Associate professor Peisheng Xu was recently awarded a five-year, $1.5 million grant from the National Institute on Aging/National Institutes of Health to support the development of targeted therapy for Alzheimer’s disease.
The project, titled “Brain Targeted Nanoparticle for Alzheimer’s Disease Therapy,” builds on Xu’s previous Alzheimer’s research. He spent about four years developing a nanoparticle with a unique polymer structure that he tested in vitro — outside the body — with a substance that mimicked the blood-brain barrier.
Based on those experiments, Xu will now test his nanoparticle in animal models, adjusting its structure for the most effective blood-brain barrier penetrating capacity. Thus far, Xu’s nanoparticle has produced anti-oxidant and anti-inflammatory effects, which may help to treat or prevent the disease.
“Alzheimer’s is affecting more and more people,” he said. “We want to use our nanoparticle strategy to see how we can affect the disease’s progress. Right now, there is nothing to slow it down.”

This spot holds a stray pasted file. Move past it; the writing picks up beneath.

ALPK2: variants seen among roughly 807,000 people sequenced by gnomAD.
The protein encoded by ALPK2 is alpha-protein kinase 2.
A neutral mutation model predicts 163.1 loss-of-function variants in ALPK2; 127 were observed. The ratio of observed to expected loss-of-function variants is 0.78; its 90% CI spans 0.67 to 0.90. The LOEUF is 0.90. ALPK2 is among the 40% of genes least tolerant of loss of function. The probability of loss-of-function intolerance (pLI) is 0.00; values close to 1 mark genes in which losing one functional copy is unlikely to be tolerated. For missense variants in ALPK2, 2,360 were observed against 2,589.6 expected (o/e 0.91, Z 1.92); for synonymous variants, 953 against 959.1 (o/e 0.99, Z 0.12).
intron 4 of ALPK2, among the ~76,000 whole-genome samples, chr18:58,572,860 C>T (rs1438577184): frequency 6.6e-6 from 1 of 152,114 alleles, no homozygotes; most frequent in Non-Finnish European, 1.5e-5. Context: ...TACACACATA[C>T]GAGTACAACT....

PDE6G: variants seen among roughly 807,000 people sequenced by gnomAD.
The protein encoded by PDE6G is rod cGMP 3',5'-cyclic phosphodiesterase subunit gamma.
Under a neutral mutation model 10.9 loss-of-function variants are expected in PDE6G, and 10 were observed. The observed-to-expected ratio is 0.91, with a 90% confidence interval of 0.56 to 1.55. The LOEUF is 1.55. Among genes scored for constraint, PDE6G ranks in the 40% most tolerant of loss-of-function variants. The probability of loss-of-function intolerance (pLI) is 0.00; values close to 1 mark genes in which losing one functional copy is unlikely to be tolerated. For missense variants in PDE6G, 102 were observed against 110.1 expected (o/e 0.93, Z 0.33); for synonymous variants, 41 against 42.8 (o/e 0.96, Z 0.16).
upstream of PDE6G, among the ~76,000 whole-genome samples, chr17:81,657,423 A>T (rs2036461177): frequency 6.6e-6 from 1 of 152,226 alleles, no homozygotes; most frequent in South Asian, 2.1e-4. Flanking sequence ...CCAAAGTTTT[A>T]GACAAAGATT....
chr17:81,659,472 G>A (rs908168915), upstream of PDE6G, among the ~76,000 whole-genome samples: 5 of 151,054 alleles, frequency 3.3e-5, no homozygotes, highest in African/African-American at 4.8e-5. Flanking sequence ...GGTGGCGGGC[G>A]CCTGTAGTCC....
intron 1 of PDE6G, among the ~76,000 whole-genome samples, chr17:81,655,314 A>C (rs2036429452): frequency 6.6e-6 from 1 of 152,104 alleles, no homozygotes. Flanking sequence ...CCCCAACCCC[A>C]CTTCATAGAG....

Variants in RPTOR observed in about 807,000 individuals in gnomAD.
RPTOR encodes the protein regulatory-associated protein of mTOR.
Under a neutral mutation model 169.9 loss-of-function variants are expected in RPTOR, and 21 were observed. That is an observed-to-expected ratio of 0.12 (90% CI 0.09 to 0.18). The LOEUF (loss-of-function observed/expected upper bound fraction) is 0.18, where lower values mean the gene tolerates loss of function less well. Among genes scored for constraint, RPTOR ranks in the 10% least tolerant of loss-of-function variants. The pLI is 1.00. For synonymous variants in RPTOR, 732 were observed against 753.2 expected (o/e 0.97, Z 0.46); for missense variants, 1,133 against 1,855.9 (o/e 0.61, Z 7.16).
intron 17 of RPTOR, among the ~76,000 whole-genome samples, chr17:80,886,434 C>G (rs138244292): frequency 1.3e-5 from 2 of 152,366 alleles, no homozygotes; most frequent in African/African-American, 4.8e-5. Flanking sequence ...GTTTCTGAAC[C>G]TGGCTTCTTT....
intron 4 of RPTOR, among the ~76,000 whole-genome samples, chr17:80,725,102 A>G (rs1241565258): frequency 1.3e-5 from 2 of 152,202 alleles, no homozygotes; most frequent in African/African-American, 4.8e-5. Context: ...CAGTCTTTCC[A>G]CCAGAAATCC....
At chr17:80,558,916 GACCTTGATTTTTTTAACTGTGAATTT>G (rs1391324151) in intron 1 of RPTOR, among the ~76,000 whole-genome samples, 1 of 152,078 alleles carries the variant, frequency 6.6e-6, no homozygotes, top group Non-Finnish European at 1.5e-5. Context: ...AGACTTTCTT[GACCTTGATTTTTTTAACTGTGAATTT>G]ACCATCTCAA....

Xu came to USC in 2009 and in 2013 joined the Center for Targeted Therapeutics led by professor Igor Roninson.
Xu’s lab focuses on designing biomaterials for targeted drug delivery that are attracted to specific cell receptors or tissue environments in the body, which delivers drugs more efficiently than systemic drugs. In addition, these targeted therapies can also minimize side effects because they are delivered to a specific area of the body rather than systemically.
Associate Dean for Research Kim Creek said Xu, who was named one of the university’s Breakthrough Rising Stars in 2013, was the third “target” investigator supported by Roninson’s $11.3 million grant from the NIH’s Centers of Biomedical Research Excellence to “graduate” from the COBRE by securing extramural funding for his independent research.
“Xu’s cutting-edge research brings renewed hope that we may soon be able to use nanoparticles to target the delivery of drugs to the brain that will be effective in treating Alzheimer’s patients and slowing the course of this terrible disease,” Creek said. “We wish him the best of luck with his studies.”